On a side note: the video store mainly rents VHS films, which really dates the movie. As a film geek, it's something that really stood out to me, and it likely will be noticeable to anyone reading this site.
Packed in a standard keepcase with a promotional insert, "Film Geek" is a one-disc affair, with a simple but smooth animated full-frame main menu that offers options to play the film, select scenes and view special features. There are no audio options and no subtitles or closed captioning. The scene selection menu is a text link of chapter names.
The full-frame video on this DVD is excellent, with nice vivid color and crisp detail. There's not a spot of dirt or damage to be found, and there are no obvious digital artifacts. For a low-budget film from a small studio, it's a pretty impressive presentation.
The audio is delivered in a Dolby Digital 2.0 track, which has no negative aspects that stand out. The dialogue and music enjoy a proper separation and both elements come across very cleanly. One wouldn't expect a dynamic presentation from a dialogue-heavy film like this and it doesn't disappoint.
The best extra included is a short film by Westby, The Auteur, which stars Malkasian as a film director recording an audio commentary. It's a cute piece, and one that should appeal to DVD fans. A pair of deleted scenes follow, both of which are extensions of scenes in the main film. They don't add much except for length, and were smartly cut.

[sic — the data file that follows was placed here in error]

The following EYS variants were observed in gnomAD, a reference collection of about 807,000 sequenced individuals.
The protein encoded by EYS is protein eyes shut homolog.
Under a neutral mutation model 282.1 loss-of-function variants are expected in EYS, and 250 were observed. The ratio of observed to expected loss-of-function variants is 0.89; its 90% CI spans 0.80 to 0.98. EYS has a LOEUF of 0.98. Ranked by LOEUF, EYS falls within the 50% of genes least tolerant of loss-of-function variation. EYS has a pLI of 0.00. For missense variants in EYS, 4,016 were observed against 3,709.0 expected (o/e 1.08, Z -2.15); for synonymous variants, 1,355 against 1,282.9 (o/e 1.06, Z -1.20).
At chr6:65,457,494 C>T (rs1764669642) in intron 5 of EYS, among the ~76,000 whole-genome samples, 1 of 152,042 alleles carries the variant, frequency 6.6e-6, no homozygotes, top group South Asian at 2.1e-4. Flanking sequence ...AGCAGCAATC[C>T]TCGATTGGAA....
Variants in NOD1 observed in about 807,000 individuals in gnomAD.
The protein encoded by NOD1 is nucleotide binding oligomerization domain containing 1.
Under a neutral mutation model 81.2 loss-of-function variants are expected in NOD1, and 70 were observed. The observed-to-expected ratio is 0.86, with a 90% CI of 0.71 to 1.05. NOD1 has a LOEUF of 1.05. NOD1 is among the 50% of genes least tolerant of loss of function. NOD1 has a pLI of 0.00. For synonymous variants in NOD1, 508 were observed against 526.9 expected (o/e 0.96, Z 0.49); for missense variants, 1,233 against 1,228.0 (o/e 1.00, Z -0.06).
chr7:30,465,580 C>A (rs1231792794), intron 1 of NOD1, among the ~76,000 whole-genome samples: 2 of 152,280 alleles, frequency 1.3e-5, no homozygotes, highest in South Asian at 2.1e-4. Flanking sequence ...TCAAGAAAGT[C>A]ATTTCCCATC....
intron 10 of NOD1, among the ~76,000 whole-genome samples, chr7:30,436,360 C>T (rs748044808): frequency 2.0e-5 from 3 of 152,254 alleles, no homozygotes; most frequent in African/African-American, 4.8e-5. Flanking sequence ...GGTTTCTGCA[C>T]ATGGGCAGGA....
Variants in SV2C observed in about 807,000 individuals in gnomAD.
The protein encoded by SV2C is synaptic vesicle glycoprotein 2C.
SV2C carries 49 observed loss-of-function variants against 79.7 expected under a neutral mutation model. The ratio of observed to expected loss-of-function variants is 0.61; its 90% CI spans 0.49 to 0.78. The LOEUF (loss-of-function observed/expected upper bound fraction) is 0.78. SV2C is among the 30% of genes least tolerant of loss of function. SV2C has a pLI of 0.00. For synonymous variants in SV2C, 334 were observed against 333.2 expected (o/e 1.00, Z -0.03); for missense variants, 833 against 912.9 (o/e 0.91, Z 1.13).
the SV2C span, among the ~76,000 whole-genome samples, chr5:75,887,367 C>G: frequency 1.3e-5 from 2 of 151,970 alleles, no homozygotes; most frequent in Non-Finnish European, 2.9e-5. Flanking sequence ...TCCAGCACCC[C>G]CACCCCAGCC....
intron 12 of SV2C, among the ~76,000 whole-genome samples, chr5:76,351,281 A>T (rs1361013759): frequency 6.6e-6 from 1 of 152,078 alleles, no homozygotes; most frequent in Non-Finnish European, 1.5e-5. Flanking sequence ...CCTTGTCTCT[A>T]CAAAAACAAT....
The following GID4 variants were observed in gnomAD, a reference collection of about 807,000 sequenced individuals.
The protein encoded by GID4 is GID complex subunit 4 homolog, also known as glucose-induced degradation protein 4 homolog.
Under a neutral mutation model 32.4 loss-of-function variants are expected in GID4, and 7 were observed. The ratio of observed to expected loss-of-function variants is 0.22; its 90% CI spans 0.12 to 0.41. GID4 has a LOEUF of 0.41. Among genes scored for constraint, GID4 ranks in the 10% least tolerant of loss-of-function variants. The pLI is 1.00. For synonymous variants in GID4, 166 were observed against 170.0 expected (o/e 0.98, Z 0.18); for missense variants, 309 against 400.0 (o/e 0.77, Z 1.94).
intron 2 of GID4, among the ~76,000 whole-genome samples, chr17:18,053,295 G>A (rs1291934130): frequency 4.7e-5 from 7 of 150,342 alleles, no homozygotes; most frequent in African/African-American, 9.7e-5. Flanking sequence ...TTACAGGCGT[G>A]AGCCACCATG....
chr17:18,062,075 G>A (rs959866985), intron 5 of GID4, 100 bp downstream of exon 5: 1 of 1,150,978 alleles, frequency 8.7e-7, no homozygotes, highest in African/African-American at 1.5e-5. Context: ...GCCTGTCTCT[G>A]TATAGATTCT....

"Behind the Magic" might be the most low-key featurette I've ever seen. Enthusiastic is not how I would describe the participants as they talk about the film's development, eventually losing momentum and just giving up. Knowing the creators have a sense of humor like this helps me like this film much more.
The film's theatrical trailer, a gallery of previews from First Run Features, and text screens of Film Notes and Cast and Crew Bios wrap things up.
The Bottom Line
Though Westby shows a deft hand in constructing this film, and Malkasian is good as the star of the show, the story just doesn't carry through to the final frame, resulting in an uneven movie. It's simply one of those situations where the whole is not equal to the sum of its parts. Despite that, film fans (or geeks) will find more to enjoy in this movie than your average filmgoer, and everyone else can have a cringe-worthy time watching Scotty suffer. The DVD looks and sounds quite good, and the extras are interesting, though brief. Readers of DVDTalk might have a good time watching this movie, and not just for the cameo by one of our reviewers. There's something about being able toempathize with a character, and then enjoy the schadenfreude when their life goes down the tubes.
Francis Rizzo III is a native Long Islander, where he works in academia. In his spare time, he enjoys watching hockey, writing and spending time with his wife, daughter and puppy.Check out 1106 - A Moment in Fictional Time or his convention blog called Conning Fellow
*The Reviewer's Bias section is an attempt to help readers use the review to its best effect. By knowing where the reviewer's biases lie on the film's subject matter, one can read the review with the right mindset.